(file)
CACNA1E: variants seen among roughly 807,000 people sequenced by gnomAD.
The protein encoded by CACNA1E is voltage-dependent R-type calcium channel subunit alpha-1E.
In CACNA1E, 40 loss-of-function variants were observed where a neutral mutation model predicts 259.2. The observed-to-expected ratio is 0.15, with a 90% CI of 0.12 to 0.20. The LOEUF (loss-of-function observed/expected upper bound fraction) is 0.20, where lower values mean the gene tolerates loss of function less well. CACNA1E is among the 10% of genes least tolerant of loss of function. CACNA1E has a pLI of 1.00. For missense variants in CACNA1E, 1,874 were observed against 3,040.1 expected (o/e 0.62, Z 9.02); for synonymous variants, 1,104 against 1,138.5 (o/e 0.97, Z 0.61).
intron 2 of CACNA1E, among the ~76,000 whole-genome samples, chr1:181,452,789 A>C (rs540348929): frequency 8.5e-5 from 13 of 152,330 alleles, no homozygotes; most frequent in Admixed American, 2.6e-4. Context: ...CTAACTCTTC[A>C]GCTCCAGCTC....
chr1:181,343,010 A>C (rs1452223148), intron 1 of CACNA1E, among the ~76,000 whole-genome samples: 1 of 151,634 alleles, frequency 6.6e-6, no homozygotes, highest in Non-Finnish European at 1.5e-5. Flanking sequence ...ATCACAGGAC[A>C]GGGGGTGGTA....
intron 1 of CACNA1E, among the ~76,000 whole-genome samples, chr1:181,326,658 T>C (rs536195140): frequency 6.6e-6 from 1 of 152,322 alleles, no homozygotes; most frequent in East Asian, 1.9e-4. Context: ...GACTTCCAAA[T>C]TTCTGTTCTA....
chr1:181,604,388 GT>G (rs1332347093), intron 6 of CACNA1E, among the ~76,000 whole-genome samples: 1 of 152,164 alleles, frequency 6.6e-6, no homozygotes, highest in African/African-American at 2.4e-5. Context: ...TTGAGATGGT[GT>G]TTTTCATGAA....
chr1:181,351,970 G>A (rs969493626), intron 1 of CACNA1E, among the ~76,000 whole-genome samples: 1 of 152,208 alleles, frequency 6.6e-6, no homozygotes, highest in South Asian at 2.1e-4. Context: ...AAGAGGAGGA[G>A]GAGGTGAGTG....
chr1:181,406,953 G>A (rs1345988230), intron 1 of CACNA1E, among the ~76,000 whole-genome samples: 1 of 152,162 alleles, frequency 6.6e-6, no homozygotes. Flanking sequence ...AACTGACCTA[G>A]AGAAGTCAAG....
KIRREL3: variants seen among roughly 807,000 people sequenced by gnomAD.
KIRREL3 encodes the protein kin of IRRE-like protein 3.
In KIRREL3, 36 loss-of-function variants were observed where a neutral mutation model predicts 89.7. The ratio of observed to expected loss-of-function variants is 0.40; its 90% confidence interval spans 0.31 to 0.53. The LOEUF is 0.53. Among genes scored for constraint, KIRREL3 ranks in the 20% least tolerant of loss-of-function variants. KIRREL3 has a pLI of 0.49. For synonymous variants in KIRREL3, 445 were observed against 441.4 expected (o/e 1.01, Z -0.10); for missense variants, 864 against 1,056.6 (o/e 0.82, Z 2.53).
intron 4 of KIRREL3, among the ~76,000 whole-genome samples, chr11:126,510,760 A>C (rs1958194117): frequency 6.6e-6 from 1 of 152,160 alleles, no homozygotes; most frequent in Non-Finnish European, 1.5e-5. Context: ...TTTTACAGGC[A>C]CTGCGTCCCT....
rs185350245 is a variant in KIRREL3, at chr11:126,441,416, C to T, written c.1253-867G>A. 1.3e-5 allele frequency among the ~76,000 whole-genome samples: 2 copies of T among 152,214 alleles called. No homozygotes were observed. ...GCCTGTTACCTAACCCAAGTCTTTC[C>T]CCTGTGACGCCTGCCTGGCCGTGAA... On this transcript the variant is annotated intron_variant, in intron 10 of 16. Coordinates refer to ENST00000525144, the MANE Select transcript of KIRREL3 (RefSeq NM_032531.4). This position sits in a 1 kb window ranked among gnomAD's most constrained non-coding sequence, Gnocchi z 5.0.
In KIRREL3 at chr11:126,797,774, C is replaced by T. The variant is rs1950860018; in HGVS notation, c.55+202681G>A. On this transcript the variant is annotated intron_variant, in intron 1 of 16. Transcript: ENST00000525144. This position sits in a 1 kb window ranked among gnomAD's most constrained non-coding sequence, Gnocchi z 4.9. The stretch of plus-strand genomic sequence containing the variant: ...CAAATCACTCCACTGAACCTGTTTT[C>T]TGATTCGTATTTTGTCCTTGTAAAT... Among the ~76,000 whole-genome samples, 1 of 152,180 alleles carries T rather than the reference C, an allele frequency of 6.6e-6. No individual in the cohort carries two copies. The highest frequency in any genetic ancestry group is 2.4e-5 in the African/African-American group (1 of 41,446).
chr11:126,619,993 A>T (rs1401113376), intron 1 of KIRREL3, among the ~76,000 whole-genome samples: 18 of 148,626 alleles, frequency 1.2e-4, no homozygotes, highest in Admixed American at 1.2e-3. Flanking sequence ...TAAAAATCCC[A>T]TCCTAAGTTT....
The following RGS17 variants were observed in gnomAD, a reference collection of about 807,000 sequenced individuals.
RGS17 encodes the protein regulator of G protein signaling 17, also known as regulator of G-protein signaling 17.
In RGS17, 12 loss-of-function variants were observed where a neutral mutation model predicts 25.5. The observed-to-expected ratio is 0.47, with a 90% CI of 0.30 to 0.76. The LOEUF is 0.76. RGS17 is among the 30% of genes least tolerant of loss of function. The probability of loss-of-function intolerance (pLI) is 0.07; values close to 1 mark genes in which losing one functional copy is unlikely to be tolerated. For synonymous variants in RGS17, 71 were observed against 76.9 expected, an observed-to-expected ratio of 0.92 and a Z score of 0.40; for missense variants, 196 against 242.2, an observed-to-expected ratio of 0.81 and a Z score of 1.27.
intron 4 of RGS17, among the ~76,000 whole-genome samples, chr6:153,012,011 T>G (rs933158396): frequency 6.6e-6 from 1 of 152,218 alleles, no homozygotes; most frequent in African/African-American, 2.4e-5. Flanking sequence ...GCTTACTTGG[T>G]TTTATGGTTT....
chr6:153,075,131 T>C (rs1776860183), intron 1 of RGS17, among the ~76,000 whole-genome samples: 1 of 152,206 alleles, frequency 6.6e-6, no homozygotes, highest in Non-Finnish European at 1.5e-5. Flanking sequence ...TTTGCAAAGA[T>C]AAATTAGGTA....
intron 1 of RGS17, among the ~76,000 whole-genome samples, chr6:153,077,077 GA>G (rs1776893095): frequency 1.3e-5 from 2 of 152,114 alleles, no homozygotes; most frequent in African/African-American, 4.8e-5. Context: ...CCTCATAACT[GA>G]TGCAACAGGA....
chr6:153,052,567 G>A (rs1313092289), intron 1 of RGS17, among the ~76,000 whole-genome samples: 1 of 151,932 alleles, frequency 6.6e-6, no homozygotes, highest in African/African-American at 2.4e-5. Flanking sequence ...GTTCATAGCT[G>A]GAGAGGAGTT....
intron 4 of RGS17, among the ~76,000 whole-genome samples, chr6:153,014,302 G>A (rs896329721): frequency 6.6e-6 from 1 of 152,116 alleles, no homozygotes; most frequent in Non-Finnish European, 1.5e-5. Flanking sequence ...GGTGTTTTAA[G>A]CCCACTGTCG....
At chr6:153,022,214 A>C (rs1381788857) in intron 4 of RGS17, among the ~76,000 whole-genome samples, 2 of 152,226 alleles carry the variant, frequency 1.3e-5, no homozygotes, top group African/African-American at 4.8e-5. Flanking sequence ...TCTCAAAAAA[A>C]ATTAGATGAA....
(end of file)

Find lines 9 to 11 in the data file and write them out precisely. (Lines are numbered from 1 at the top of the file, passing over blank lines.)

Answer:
chr1:181,406,953 G>A (rs1345988230), intron 1 of CACNA1E, among the ~76,000 whole-genome samples: 1 of 152,162 alleles, frequency 6.6e-6, no homozygotes. Flanking sequence ...AACTGACCTA[G>A]AGAAGTCAAG....
KIRREL3: variants seen among roughly 807,000 people sequenced by gnomAD.
KIRREL3 encodes the protein kin of IRRE-like protein 3.